“Down Dog” is a pose even non-experienced yogi’s know very well.  This pose is a symmetrical inverted arm support that uses the deltoids, latissimus dorsi, gluteus maximus, hamstrings, gastrocnemius, intrinsic foot muscles, quadriceps, serratus anterior and triceps brachii muscles.  Be sure to keep a neutral spine, press firmly through your feet (it’s okay if your heels don’t touch!  Don’t force them down!) and through the whole hand, including weight distribution in the index fingers and thumbs.

yoga for athletes | Journey for Jessi

Virabhadrasana II “Warrior II”

Warrior poses are asymmetrical standing poses that are good for stability of the hip and knee joints and the spine. Warrior II works the quadriceps, tensor fasciae latae, piriformis, gluteus medium, sternocleidomastoid, scalenes, and pectoralis minor muscles.  Think of trying to align the body along one flat plane, the heel of the front foot should be in line with the arch of the back foot, the knee of the front foot in line with that heel and the shoulders and hips are square together, etc.

Utkatasana “Chair Pose”

Chair is a symmetrical standing pose that benefits balance and stability.  A neutral spine and an activated core are key to this pose that also works on shoulder mobility as the arms frame the ears.  Muscles used include triceps brachii, extensor digitorum, deltoid, infraspinatus, teres minor, serratus anterior, rectus abdomens, erector spinae, gluteus medium, hamstrings, quadriceps, soleus and tibialis anterior.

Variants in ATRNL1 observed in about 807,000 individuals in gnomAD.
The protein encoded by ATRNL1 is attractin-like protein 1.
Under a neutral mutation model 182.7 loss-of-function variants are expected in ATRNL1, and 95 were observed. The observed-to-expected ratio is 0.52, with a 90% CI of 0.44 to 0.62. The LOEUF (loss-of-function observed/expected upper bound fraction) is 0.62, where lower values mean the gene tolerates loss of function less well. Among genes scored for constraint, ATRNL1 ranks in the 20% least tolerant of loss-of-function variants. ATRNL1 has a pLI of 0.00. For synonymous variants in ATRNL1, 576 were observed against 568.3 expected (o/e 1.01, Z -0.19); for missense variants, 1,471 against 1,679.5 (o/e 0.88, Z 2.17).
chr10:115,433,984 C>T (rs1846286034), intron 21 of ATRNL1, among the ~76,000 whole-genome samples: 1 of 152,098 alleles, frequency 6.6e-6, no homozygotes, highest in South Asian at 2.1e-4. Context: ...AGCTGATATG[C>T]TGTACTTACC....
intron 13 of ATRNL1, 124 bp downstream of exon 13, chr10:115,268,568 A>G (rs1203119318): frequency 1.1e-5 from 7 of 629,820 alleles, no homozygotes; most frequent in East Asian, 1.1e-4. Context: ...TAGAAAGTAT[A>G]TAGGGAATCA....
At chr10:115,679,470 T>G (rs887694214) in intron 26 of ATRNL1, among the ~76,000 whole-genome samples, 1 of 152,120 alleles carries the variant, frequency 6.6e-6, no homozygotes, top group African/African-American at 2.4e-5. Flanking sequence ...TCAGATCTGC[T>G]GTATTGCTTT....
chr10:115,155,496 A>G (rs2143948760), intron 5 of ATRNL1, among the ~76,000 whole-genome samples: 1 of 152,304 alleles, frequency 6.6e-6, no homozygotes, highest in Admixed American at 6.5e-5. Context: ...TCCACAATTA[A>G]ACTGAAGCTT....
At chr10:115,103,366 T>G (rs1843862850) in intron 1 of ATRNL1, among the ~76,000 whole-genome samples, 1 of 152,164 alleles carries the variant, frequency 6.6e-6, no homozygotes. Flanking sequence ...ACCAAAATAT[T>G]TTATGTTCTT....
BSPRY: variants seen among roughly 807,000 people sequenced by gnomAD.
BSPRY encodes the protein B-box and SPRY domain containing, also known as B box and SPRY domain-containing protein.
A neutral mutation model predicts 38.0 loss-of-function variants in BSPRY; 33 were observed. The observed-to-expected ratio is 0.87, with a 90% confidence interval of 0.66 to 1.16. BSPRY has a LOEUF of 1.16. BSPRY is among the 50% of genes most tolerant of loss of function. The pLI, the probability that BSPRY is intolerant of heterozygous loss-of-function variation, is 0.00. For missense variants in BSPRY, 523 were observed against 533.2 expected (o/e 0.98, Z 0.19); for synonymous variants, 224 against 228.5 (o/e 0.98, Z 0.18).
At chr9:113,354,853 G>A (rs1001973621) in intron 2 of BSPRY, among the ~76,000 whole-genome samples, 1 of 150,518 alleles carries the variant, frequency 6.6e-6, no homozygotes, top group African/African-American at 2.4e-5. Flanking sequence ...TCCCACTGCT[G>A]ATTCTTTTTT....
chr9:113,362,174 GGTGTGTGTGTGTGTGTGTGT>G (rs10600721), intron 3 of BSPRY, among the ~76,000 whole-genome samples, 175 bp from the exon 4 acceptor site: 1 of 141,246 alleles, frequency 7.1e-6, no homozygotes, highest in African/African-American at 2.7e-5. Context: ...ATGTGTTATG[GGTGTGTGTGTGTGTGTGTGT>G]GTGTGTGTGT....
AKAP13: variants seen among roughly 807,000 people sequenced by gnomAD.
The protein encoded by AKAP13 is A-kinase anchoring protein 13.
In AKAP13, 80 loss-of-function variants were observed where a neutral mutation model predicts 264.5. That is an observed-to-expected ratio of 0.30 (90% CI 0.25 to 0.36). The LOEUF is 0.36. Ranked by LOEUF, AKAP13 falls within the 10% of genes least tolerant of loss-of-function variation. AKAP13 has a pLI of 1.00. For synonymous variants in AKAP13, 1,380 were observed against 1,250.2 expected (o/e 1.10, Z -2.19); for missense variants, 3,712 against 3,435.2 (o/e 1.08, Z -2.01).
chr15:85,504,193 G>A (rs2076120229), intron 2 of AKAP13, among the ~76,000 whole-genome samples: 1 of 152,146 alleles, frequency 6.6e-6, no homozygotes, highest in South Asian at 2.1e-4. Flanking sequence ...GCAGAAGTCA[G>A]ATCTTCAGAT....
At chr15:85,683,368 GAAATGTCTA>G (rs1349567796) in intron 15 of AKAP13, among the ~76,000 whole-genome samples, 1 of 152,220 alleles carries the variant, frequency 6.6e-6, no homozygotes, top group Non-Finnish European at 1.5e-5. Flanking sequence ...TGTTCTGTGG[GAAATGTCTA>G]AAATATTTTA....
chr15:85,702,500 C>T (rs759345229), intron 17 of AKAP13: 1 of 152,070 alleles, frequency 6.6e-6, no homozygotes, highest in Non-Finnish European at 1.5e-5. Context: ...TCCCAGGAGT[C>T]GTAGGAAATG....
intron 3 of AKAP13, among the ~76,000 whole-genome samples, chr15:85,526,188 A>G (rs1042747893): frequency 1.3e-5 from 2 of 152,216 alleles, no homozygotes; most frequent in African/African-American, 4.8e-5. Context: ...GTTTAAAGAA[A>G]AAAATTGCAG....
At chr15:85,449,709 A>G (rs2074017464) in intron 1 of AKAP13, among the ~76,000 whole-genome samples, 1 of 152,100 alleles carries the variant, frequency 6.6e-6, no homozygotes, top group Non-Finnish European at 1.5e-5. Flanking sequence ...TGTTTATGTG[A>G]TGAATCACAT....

Vrksasana “Tree”

The tree is an asymmetrical standing balancing pose that is great for a balancing challenge  and helps with identifying asymmetries and imbalances in the body.  Balance is a great test of fitness and athleticism.  Do you suspect you have a “better” side in your sport?  Try testing it out with a little tree pose.  It calls upon the posts minor, tensor fasciae latae, iliacus, pectineus, adductor longus, gracilis, sartorius, quadriceps, tibialis anterior, gastrocnemius and soleus muscles.  You can add more challenge to this pose by raising your arms or closing your eyes.

yoga for athletes | Journey for Jessi

Navasana “Boat”

Boat is a symmetrical forward-bending balance pose that really lights up your core, better than any ab-crunch.  Boat fires up the sternocleidomastoid, vastus laterals, hamstrings, rectus abdominis and spinal extensors.  Try to work your way up to holding this pose for 30 seconds gradually from 5-10 seconds.  Remember to breathe!

yoga for athletes | Journey for Jessi

Savasana “Corpse”

Last, but not-to-be-forgotten, the symmetrical supine pose of Savasana.  Savasana is oh so important to down regulate the body and get it back to homeostasis.  It is about finding the breath again and calming the mind and body.  After a hard day of training, your body needs to recover, and what better way than in a little Savasana.  Lay on the back with the arms and legs taking up some space in a comfortable position.  I usually move all my limbs around until the settle to a natural state instead of “placing” them.  Then, just focus on your breath and relax into the ground.  It seems simple enough, but for active and individuals constantly go-go-go, this one can be tricky to recall what stillness feels like.  I would recommend this pose daily, possibly before bed.